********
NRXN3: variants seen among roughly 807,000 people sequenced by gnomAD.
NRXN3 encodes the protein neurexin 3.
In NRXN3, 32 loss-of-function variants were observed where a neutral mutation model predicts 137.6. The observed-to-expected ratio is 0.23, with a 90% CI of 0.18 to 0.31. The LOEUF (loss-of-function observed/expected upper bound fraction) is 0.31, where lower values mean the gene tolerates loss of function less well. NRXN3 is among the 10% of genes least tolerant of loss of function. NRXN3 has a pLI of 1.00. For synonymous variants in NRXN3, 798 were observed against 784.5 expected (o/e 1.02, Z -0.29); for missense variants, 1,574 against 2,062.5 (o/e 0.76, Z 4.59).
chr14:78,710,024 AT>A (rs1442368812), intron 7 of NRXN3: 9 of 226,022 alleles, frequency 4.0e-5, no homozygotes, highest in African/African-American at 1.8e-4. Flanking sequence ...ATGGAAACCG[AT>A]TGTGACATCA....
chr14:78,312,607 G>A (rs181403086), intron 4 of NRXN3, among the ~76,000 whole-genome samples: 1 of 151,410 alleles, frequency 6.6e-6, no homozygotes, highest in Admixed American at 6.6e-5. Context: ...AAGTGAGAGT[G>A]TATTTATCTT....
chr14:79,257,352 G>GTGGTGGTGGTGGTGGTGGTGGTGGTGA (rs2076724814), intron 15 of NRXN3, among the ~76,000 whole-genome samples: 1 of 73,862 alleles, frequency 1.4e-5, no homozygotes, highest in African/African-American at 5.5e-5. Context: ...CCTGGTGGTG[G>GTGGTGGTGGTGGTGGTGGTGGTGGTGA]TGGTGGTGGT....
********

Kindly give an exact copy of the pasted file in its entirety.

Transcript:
NRXN3: variants seen among roughly 807,000 people sequenced by gnomAD.
NRXN3 encodes the protein neurexin 3.
In NRXN3, 32 loss-of-function variants were observed where a neutral mutation model predicts 137.6. The observed-to-expected ratio is 0.23, with a 90% CI of 0.18 to 0.31. The LOEUF (loss-of-function observed/expected upper bound fraction) is 0.31, where lower values mean the gene tolerates loss of function less well. NRXN3 is among the 10% of genes least tolerant of loss of function. NRXN3 has a pLI of 1.00. For synonymous variants in NRXN3, 798 were observed against 784.5 expected (o/e 1.02, Z -0.29); for missense variants, 1,574 against 2,062.5 (o/e 0.76, Z 4.59).
chr14:78,710,024 AT>A (rs1442368812), intron 7 of NRXN3: 9 of 226,022 alleles, frequency 4.0e-5, no homozygotes, highest in African/African-American at 1.8e-4. Flanking sequence ...ATGGAAACCG[AT>A]TGTGACATCA....
chr14:78,312,607 G>A (rs181403086), intron 4 of NRXN3, among the ~76,000 whole-genome samples: 1 of 151,410 alleles, frequency 6.6e-6, no homozygotes, highest in Admixed American at 6.6e-5. Context: ...AAGTGAGAGT[G>A]TATTTATCTT....
chr14:79,257,352 G>GTGGTGGTGGTGGTGGTGGTGGTGGTGA (rs2076724814), intron 15 of NRXN3, among the ~76,000 whole-genome samples: 1 of 73,862 alleles, frequency 1.4e-5, no homozygotes, highest in African/African-American at 5.5e-5. Context: ...CCTGGTGGTG[G>GTGGTGGTGGTGGTGGTGGTGGTGGTGA]TGGTGGTGGT....